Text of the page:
2. Hyundai plug-in hybrid: The 2016 Sonata Plug-in Hybrid is the first plug-in hybrid electric vehicle launched by Hyundai and comes with a 27 mile All-Electric Range (AER). “The flexibility of this alternative powertrain delivers efficient hybrid operation and eliminates any concerns for range anxiety, while providing an impressive total driving range capable of 600 miles,” said Mike O’Brien, vice president, corporate and product planning, Hyundai Motor America. The Sonata Plug-in Hybrid’s 9.8 kWh lithium polymer battery system helps deliver 99 MPGe.
  3. Best mpg pickup: The 2016 Chevrolet Colorado two-wheel drive with the Duramax turbo-diesel is the most fuel-efficient pickup in the U.S. with an Environmental Protection Agency-estimated 31 mpg highway fuel economy. The EPA-estimated highway fuel economy for 2016 Colorado four-wheel drive diesel is 29 mpg. With the Colorado’s 21-gallon fuel tank, the 2WD model offers an estimated maximum highway range of 651 miles per tank.
  4. EcoBoost benchmark: Ford launched its EcoBoost fuel-efficient engines in 2007 and is getting close to selling one million vehicles with these downsized, gasoline turbocharged, direct-injected (GTDI) engines. Currently every Lincoln-brand vehicle and every Ford from the Fiesta through the F-150 has at least one EcoBoost engine available as either standard equipment or an option. EcoBoost has been part of Ford hitting its fuel economy targets along with hybrid and plug-in vehicles.
  5. Fuel cell alliances: Audi may be getting into the hydrogen fuel cell vehicle business, and has acquired a number of patents on fuel cell technology from Canadian company Ballard Power Systems, a developer of fuel cells. Ballard has an agreement with Audi, with the two working together through 2019. Ballard thinks that the patents will help Audi develop a fuel cell vehicle that will be ready for the commercial market at some point in the future. In another alliance, 3M will support Plug Power’s expansion into hydrogen-enabled electric vehicle applications outside of the material handling market. 3M will supply Plug Power with membrane electrode assemblies to be used in Plug Power designed proton exchange membrane fuel cell stacks under a new strategic supply agreement.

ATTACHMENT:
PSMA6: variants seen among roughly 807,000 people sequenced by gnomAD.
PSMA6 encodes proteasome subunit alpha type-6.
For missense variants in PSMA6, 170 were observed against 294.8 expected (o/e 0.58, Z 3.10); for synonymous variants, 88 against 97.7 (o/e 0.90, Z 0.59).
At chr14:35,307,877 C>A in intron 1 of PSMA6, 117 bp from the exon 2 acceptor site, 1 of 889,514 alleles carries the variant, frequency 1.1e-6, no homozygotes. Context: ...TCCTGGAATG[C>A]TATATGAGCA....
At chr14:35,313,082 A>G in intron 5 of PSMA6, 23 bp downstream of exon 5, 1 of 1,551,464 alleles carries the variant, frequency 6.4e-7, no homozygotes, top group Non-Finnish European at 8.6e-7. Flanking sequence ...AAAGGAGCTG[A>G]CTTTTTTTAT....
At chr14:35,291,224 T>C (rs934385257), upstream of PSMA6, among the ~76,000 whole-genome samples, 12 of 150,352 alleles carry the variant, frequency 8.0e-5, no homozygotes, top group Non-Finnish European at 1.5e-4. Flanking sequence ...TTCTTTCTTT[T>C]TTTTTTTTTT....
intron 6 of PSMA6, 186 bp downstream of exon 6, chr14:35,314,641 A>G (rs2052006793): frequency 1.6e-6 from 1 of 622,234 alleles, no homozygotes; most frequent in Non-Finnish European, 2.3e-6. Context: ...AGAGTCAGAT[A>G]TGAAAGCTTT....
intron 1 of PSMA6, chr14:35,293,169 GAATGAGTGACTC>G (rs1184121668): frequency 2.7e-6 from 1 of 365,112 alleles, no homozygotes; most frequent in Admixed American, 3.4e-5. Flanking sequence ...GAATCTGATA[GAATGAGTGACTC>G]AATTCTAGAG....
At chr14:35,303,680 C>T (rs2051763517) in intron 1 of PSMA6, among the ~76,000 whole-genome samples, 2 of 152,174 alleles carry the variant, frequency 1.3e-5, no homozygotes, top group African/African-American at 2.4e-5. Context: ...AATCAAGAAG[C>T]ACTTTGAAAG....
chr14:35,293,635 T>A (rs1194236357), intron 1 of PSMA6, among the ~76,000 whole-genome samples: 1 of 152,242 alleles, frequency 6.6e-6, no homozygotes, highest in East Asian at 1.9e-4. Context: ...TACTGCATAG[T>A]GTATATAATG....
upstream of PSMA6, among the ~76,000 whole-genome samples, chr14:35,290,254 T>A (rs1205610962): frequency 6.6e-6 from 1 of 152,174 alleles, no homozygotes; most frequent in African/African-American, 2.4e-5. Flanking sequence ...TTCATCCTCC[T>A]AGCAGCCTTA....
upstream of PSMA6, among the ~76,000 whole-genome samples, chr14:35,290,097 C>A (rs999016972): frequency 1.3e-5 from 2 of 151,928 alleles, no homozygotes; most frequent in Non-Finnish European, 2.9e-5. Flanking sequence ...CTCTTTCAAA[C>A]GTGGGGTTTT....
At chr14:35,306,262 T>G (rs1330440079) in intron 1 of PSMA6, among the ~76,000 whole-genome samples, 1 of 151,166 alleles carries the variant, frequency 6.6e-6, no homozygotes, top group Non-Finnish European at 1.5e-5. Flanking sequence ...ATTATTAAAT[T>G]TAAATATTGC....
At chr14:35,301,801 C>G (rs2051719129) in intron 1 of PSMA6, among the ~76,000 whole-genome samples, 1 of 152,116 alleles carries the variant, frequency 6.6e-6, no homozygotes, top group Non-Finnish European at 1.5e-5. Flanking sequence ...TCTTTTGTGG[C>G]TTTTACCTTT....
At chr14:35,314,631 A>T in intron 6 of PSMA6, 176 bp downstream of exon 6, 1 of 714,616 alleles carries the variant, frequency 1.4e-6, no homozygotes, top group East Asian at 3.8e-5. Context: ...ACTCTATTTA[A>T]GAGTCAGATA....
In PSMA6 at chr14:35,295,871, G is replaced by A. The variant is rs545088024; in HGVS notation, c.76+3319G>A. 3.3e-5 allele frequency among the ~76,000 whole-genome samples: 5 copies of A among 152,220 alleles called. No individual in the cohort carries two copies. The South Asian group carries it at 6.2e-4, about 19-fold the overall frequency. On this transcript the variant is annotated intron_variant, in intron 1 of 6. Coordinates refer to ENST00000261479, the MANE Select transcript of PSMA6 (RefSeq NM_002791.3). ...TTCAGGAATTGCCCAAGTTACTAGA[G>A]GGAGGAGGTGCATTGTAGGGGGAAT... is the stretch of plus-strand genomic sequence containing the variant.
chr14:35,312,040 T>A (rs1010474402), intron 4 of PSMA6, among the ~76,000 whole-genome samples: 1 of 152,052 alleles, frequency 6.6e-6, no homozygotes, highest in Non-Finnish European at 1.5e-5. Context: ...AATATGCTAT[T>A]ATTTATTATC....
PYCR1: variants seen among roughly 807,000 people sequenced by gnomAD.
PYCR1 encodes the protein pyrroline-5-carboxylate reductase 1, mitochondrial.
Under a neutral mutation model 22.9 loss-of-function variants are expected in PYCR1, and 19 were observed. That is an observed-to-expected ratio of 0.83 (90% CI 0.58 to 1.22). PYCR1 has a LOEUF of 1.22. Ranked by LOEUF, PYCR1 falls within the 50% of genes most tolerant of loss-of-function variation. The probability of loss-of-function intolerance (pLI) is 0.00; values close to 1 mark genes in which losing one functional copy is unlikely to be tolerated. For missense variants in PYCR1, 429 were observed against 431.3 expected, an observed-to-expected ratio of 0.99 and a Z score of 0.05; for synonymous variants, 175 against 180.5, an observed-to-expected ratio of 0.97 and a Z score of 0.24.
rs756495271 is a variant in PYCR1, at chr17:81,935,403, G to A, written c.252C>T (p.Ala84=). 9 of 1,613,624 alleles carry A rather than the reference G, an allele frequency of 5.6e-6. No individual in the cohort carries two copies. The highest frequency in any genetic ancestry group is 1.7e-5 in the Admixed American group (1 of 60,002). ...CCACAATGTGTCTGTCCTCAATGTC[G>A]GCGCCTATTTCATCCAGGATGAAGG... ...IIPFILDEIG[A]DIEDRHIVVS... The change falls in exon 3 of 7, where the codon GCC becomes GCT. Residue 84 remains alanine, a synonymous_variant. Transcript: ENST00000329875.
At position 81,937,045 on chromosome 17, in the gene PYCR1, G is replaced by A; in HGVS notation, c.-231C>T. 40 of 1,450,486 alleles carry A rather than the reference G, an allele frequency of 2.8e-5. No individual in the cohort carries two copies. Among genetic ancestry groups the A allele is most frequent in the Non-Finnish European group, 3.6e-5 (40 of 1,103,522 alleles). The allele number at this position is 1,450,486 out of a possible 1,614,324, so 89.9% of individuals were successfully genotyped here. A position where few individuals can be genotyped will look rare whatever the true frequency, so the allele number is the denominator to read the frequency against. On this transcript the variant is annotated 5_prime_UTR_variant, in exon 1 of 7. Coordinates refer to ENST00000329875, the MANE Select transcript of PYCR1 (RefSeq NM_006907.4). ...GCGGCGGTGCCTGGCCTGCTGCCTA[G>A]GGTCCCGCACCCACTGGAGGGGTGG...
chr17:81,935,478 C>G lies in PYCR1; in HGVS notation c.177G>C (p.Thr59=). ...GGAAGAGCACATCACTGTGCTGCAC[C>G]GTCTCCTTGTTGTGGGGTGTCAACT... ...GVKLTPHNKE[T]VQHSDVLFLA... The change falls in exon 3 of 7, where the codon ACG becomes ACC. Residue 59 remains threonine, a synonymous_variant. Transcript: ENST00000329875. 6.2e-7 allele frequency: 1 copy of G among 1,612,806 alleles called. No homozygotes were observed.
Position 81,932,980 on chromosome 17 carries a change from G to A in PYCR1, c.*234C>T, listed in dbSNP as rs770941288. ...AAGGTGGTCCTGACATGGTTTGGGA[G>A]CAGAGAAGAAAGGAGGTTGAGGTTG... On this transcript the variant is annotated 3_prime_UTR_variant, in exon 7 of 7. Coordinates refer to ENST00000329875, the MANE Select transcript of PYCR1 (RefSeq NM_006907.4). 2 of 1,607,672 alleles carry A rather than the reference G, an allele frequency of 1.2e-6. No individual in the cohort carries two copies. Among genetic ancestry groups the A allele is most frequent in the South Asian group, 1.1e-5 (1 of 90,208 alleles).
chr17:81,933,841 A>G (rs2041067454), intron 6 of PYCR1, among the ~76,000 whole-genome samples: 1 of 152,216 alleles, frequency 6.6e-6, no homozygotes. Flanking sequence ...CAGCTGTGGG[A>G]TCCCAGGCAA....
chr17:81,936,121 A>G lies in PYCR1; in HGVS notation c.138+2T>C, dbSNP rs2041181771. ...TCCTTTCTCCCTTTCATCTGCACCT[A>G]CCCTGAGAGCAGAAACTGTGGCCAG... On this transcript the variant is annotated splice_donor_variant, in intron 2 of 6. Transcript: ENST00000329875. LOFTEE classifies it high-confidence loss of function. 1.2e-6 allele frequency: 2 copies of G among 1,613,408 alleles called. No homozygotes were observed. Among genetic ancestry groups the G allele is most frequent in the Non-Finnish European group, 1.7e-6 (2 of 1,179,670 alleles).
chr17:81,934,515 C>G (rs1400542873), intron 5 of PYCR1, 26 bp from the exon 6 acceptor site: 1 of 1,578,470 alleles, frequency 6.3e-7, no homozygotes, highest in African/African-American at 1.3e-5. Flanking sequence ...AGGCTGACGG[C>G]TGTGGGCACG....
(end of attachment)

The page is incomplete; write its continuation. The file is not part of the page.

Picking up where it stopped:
6. Recycled seat material: Carol Kordich, Ford lead designer, global sustainability materials strategy development, accepted the Society of Plastics Engineers’ Automotive Innovation Award in the Environmental category. Kordich was recognized for her work to replace traditional seat fabric with one made of 100% recycled material. Kordich’s effort helps to divert more than 11 million water bottles from landfills annually.
  7. Port of LA SCIG court hearings: On Nov. 16-17, California Superior Court Judge Barry Goode will listen to attorneys representing environmental organizations, community members, and regulatory agencies. Several parties have filed suit and will be heard by the court over two days over the planned Southern California International Gateway (SCIG) railyard. This plan was first announced in 2005 for a train path adjacent to West Long Beach. The Port of Los Angeles and Burlington Northern Santa Fe have committed to allow the Port to handle more cargo and reduce air pollution. Those filing suit have said that the SCIG will make air pollution worse, especially for the low-income, disadvantaged communities.
  8. Ford begins Mcity testing: Ford will become the first automaker to test out the 32-acre Mcity facility at the University of Michigan. Ford has been testing autonomous vehicle technologies for more than 10 years, and will expand testing of its Fusion Hybrid Autonomous Research vehicle. The research project combines driver-assist technologies, such as front-facing cameras, radar and ultrasonic sensors, with four LiDAR sensors to produce a real-time 3D map of the vehicle’s surrounding environment.